- Dove and Open Source Afro Hair Library have joined forces for the new creation
- It is the first online guide in the world for gamers to code textured hair and styles
- The guide features step-by-step instructions and 360-degree photo mapping
Bestselling beauty and skincare brand Dove is making history by creating the first-ever guide in the world for coding natural hair and protective styles in video games.
Dove has joined forces with Open Source Afro Hair Library to create the free guide, Code My Crown, which supplies step-by-step instructions and 360-degree photo mapping in order for developers to promote greater inclusion and representation in the virtual gaming world.
‘In the real world, there is an incredible variety of Black hairstyles. But this is rarely reflected in the gaming world,’ said A.M. Darke, Lead Code my Crown Contributor & Founder of the Open Source Afro Hair Library, in a statement.
‘When Black hair is absent from the games we play or are consistently low-quality, it communicates that Black players and our culture are an afterthought, that our stories aren’t worth telling.’
‘How else can we explain the ubiquity of matted cornrows, bald patches instead of parts, giant disco ‘fros, and the messy, unstyled locs? Why is a common fade or twist out rarely an option?’
As a result, this new online guide aims to create diversity and accurate renderings of natural hair in the video game space.
According to data conducted by Edelman DXI in both the U.S. and U.K. in March and April 2023 and reviewed by Dove, 85 per cent of Black gamers feel that video games are inaccurate and ‘poorly represent textured hair.’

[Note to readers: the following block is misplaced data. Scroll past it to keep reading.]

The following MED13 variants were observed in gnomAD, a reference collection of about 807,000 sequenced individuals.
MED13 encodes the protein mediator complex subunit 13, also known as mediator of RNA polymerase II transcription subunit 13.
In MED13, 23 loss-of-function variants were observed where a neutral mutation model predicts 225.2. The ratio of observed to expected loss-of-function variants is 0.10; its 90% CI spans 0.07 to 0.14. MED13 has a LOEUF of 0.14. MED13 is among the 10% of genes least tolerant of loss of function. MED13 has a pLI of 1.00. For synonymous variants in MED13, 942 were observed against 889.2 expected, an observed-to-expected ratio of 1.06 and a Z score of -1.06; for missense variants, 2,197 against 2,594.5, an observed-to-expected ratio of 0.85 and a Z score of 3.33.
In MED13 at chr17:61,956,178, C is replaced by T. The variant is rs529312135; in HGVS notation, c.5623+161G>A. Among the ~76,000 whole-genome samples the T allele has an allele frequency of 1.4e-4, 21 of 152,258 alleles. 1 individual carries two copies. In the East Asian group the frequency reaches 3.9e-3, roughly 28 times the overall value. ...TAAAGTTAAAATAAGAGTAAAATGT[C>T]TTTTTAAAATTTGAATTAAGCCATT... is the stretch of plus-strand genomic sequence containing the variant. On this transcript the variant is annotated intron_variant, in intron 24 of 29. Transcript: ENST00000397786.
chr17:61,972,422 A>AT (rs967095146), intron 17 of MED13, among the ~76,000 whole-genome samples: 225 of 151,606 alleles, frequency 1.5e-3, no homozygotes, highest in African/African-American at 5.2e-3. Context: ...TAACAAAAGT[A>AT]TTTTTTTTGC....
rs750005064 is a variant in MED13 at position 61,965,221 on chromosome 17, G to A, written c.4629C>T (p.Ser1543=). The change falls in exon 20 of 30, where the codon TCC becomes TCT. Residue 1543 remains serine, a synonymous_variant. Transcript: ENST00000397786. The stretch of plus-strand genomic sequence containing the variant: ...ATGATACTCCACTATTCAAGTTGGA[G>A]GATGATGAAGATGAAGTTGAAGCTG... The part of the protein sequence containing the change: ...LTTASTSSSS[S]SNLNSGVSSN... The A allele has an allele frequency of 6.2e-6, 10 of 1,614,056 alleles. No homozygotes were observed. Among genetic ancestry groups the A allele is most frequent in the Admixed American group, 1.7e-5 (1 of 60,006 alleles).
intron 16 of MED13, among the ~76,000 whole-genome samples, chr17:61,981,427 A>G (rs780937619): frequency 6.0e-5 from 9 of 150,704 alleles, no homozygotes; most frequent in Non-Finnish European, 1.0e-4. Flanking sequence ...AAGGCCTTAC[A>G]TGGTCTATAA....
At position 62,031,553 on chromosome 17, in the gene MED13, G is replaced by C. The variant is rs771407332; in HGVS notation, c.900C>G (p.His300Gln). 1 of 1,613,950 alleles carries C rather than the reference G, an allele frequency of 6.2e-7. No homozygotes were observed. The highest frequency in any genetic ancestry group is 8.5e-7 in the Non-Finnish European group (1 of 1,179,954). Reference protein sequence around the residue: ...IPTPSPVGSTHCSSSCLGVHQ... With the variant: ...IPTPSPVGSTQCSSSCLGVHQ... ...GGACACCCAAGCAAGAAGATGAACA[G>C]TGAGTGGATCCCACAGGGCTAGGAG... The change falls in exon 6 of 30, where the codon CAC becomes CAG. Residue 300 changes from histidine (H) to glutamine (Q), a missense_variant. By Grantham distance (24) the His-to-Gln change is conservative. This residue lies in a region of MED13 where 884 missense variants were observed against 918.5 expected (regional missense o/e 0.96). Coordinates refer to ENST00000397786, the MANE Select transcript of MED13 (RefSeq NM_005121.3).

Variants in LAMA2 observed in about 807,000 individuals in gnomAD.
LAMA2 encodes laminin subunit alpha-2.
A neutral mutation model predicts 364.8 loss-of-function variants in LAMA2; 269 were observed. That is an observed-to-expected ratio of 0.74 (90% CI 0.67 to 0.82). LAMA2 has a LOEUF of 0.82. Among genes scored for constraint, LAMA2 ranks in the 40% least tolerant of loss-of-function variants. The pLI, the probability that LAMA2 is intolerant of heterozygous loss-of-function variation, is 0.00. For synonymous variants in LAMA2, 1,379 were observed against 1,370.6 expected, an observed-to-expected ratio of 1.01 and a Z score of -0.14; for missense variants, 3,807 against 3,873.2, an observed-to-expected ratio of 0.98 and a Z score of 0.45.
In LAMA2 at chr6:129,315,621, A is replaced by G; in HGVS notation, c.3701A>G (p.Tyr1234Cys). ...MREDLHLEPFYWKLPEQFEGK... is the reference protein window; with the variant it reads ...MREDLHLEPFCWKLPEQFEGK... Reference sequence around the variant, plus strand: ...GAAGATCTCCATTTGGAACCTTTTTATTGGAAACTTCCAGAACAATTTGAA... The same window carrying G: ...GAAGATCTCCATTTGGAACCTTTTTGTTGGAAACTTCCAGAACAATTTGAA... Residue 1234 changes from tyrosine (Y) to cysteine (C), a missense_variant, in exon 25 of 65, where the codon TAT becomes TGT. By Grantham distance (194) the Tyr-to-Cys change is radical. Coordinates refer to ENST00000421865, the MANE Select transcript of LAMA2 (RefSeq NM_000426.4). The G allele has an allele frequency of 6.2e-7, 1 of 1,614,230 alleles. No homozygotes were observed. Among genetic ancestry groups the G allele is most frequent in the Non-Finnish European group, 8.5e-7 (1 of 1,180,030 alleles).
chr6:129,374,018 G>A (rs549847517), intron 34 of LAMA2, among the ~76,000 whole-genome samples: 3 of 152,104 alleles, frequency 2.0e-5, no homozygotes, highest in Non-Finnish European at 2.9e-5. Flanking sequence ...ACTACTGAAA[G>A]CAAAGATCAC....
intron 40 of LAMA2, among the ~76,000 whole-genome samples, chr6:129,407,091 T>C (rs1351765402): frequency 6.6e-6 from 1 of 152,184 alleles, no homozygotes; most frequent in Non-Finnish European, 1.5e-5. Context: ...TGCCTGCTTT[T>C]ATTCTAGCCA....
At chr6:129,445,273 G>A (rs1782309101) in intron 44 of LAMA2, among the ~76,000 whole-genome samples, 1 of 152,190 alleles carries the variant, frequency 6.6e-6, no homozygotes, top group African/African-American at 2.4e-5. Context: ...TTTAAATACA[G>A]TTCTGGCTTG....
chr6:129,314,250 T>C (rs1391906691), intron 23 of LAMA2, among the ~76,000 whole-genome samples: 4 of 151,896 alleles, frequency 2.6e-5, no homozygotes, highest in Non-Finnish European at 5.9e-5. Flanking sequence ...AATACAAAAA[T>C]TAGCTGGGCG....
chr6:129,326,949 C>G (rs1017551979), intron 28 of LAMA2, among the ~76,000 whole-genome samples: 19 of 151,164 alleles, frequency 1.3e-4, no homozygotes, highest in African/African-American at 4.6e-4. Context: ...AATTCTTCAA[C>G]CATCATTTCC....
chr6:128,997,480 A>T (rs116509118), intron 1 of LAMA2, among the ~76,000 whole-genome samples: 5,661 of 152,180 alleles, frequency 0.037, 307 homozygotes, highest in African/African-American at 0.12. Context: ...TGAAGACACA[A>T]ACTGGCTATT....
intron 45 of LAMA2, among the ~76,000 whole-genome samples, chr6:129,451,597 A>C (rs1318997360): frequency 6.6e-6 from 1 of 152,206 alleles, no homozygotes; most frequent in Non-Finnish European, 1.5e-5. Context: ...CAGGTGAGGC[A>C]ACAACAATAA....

In a moving video posted to Dove’s YouTube channel, the company heard from different Black gamers who explained that sometimes, playing video games can feel ‘exclusionary.’
‘Naturally, you want to spend your time playing with a character that looks like you,’ explained gaming enthusiast Atari Woolley in the YouTube clip.
Currently, in some of the most popular video games, only seven per cent of the hairstyles represent or depict textured or protective hairstyles.
But many are interested in a change — 91 per cent of Black gamers are ‘eager’ to see themselves accurately depicted in video games, something that Dove is playing a major role in.
To create Code My Crown, both Dove and Open Source Afro Hair Library worked with a team of Black 3D artists, animators, academics and programmers.
Dove learned that 74 per cent of gaming developers wanted to have a role in learning how to code textured hair, as well as ‘promoting better representation of textured hair in video games’
These experts, who came from all around the world and ‘across the Black diaspora,’ worked together to create 15 original hair sculpts for the online guide.
The team identified the top textured and protective hairstyles that were currently ‘missing’ or ‘misrepresented’ in video games.
They explained that this will start to ‘lay the foundation for hundreds of virtual hair possibilities.’
In a statement from Dove, the brand explained it’s not only important for people to see themselves represented in the real world, but in the virtual world as well.
‘At Dove, we believe every single person should see their beauty represented in the world around them – this is no different for the virtual world, said Leandro Barreto, Senior Vice President of Global Dove Masterbrand.
‘The importance of accurately and respectfully depicting textured hair in video games cannot be overstated, and we are proud to play a small part in taking action to set a new standard for diversity and representation in video games.
Barreto continued, ‘There is more to be done to ensure Black gamers see themselves in the games they play, but we can’t do it alone. We are calling on gaming developers and industry leaders to join us to help make virtual beauty a reality with Code My Crown.’
Dove believes in not only accurate representation of natural and protective hair, but also celebrating it.
In 2019, the company co-founded the CROWN (Creating a Respectful and Open World for Natural hair) Coalition.
CROWN helps to ‘advocate for an end to race-based hair discrimination and create a more equitable and inclusive beauty experience for Black women and girls.’